Other opinions below.

See past issues

From the Left

The left supports eliminating the electoral college, arguing that all votes should count equally regardless of which state they're from.

“When, if ever, will there be charges for all the helpers, procurers and hangers-on in Epstein’s network of sleaze -- up to and including his longtime partner Ghislaine Maxwell… publicly accused of pimping for her wealthy, perverted ‘best friend.’ Then there’s the next level -- the U.S. attorney-turned-Cabinet secretary who gave Epstein a cushy deal and has walked away with a pat on the back from President Trump, and the Palm Beach sheriff who turned Epstein’s previous brush with justice into a joke, and all the other compromised folks in our injustice system…

“It’s not just Epstein, and it’s not this one case. It’s not even just the horrors that have been exposed in two years of the #MeToo scandals, where abuses by the world’s most powerful men in show business, media, the arts, big business and, yes, politics have been covered up if not openly tolerated for years ... centuries, really. It’s the growing awareness that the current American system has lost the capacity to hold anyone accountable in any position of power or influence… Americans are bitter, confused, and most of all angry. And they have absolutely no faith in the people who are in charge. I know I don’t.”
Will Bunch, The Philadelphia Inquirer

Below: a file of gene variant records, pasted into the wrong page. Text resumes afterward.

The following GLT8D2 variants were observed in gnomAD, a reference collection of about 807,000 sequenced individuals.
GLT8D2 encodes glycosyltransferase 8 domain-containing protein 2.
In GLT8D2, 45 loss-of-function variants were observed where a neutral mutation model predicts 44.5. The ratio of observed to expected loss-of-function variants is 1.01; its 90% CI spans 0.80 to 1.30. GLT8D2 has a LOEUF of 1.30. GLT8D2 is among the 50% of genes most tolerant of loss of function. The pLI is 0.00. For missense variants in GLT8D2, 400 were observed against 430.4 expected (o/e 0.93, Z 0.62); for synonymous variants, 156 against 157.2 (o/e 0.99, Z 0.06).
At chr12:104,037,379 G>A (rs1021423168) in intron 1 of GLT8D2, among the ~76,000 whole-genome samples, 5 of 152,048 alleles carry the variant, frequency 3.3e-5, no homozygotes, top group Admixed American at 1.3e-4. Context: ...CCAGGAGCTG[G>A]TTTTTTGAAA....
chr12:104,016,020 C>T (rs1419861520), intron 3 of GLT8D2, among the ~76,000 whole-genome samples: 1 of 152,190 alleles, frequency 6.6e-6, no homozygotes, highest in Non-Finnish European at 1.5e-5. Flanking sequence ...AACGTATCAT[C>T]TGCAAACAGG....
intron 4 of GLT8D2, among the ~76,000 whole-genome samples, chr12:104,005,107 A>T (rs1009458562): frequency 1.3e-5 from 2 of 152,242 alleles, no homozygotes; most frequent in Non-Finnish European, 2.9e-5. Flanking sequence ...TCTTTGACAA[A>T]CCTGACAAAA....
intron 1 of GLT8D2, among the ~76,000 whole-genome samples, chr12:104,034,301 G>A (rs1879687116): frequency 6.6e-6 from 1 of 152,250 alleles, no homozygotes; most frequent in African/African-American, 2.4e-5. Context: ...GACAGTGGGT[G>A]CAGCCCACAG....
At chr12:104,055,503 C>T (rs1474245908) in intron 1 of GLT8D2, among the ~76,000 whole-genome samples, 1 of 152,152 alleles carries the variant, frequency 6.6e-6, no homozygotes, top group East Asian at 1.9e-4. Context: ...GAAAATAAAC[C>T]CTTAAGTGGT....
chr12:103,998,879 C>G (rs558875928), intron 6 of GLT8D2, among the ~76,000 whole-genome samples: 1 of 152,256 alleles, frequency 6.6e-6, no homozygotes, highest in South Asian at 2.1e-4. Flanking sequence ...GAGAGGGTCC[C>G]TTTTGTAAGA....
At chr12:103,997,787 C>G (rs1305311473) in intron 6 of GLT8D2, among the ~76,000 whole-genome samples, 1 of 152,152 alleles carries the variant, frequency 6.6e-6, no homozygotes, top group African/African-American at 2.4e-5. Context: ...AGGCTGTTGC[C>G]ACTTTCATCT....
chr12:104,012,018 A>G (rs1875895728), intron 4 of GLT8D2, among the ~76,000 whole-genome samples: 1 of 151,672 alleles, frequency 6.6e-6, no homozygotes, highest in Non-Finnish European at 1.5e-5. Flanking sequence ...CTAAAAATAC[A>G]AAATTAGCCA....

Regarding President Trump’s retweet of a commentator’s assertion that Bill and Hillary Clinton were behind Epstein’s death, Sen. Cory Booker (D-NJ) stated, “This is just more recklessness… What he is doing is dangerous. He is giving life to not just conspiracy theories but really whipping people up into anger and worse against different people in this country."
Lauren Egan, NBC News

“It is barely credible that politicians of a governing party in the 21st century could think it is constitutionally right and proper to suspend parliament in the manner of a Stuart king because MPs are frustrating a political misadventure… Brexit is becoming a religion in the Tory party, the fundamental tenet of which is that no deal will do no harm, so no safety net is required. For its adherents, the prize of remaking Britain in a reactionary mould was worth dispensing with legislative scrutiny altogether… [Tory] Ministers toy with underhand political devices such as recommending the Queen does not enact legislation, or questioning why ministers need to abide by the law… The supreme court’s decision is the culmination of a long and socially useful process of judicial review.”
Editorial Board, The Guardian